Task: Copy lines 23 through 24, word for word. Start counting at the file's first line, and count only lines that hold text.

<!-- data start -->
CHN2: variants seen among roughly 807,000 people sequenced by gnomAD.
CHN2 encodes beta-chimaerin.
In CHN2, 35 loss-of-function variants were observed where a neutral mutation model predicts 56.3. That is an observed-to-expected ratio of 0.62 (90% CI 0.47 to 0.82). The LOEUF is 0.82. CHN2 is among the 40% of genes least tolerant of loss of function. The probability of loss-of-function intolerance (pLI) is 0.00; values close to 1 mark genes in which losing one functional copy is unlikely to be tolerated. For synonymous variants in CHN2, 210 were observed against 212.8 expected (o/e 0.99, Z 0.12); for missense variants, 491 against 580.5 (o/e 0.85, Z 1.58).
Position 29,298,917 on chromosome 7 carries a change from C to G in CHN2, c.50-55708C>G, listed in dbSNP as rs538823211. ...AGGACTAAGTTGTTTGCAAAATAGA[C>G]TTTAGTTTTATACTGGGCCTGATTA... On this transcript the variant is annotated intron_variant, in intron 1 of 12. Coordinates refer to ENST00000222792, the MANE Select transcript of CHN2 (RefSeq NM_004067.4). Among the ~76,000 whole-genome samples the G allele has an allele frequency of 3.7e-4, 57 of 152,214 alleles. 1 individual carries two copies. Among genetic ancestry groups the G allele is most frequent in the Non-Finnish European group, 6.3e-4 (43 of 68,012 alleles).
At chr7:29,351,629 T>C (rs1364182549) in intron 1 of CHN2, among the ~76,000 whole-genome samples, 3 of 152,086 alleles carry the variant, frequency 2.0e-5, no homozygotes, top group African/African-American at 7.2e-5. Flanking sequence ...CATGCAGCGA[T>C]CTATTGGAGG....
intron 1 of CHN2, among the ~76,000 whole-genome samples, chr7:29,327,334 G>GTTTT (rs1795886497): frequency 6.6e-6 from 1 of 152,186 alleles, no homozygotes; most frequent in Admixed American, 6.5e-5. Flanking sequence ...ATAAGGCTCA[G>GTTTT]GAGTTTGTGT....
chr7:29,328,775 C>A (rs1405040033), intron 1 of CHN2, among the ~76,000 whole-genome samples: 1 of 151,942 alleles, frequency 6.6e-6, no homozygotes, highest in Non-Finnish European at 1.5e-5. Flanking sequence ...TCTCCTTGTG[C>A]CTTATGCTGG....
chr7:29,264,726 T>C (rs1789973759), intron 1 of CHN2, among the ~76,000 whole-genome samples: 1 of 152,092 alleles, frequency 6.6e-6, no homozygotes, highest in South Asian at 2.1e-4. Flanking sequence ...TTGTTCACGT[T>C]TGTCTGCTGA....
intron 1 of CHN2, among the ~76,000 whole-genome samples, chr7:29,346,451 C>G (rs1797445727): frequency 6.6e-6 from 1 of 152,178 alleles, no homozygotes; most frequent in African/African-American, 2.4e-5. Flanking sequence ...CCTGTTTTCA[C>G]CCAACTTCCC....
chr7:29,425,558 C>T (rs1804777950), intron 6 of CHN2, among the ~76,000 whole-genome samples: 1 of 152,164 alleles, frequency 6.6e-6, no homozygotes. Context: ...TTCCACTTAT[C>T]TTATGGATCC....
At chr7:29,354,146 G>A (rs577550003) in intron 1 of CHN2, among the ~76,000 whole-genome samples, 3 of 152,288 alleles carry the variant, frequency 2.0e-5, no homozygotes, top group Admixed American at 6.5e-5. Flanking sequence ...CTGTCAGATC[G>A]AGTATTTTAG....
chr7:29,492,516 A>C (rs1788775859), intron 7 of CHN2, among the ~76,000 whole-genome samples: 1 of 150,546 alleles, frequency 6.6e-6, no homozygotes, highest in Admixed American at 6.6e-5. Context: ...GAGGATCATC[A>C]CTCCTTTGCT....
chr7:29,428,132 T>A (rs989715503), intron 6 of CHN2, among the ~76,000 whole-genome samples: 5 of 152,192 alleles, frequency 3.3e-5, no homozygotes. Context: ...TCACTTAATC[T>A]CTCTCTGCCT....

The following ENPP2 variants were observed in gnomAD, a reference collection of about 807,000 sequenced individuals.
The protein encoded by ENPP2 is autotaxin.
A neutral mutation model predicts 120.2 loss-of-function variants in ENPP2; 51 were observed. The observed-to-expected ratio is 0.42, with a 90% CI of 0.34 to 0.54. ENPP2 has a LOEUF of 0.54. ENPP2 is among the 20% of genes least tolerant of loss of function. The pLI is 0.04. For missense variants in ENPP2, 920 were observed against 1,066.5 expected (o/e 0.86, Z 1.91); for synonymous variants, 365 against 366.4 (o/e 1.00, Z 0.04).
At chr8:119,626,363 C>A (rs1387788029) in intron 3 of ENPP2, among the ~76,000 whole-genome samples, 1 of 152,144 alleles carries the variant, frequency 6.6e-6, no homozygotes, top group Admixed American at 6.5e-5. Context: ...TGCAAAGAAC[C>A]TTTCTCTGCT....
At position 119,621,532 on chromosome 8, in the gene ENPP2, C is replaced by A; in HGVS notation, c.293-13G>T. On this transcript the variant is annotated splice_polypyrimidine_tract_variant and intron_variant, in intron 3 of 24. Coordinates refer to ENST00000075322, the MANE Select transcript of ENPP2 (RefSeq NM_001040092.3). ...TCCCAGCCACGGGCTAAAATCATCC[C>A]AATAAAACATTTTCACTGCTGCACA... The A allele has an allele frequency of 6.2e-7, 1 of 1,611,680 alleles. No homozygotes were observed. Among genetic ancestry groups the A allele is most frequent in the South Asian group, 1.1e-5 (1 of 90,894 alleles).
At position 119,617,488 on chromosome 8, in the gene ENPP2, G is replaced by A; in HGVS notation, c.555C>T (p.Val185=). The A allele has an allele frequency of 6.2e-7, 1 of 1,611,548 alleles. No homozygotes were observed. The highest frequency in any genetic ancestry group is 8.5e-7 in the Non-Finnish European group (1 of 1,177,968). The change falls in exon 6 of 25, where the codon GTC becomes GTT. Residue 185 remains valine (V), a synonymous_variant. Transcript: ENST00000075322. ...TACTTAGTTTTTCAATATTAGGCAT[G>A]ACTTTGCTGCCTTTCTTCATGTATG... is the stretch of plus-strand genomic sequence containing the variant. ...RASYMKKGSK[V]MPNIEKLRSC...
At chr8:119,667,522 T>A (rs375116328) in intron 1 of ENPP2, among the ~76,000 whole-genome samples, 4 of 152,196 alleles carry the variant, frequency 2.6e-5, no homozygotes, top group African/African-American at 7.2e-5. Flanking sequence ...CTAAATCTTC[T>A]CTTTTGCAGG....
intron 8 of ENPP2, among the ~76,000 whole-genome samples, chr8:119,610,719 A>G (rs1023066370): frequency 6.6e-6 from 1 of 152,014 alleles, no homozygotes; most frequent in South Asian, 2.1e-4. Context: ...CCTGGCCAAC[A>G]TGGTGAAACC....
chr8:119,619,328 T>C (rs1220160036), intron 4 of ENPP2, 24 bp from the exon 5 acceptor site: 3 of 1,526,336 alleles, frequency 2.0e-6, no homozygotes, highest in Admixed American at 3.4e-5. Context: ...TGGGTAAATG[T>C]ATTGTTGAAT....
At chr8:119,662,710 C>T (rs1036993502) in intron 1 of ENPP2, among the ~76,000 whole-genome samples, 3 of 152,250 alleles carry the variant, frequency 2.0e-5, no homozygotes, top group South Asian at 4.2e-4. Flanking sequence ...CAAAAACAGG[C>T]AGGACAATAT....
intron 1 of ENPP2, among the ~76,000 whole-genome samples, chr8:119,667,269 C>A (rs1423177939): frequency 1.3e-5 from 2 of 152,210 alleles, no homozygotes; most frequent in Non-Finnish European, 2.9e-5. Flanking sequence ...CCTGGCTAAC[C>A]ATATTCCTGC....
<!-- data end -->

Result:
At chr8:119,662,710 C>T (rs1036993502) in intron 1 of ENPP2, among the ~76,000 whole-genome samples, 3 of 152,250 alleles carry the variant, frequency 2.0e-5, no homozygotes, top group South Asian at 4.2e-4. Flanking sequence ...CAAAAACAGG[C>T]AGGACAATAT....
intron 1 of ENPP2, among the ~76,000 whole-genome samples, chr8:119,667,269 C>A (rs1423177939): frequency 1.3e-5 from 2 of 152,210 alleles, no homozygotes; most frequent in Non-Finnish European, 2.9e-5. Flanking sequence ...CCTGGCTAAC[C>A]ATATTCCTGC....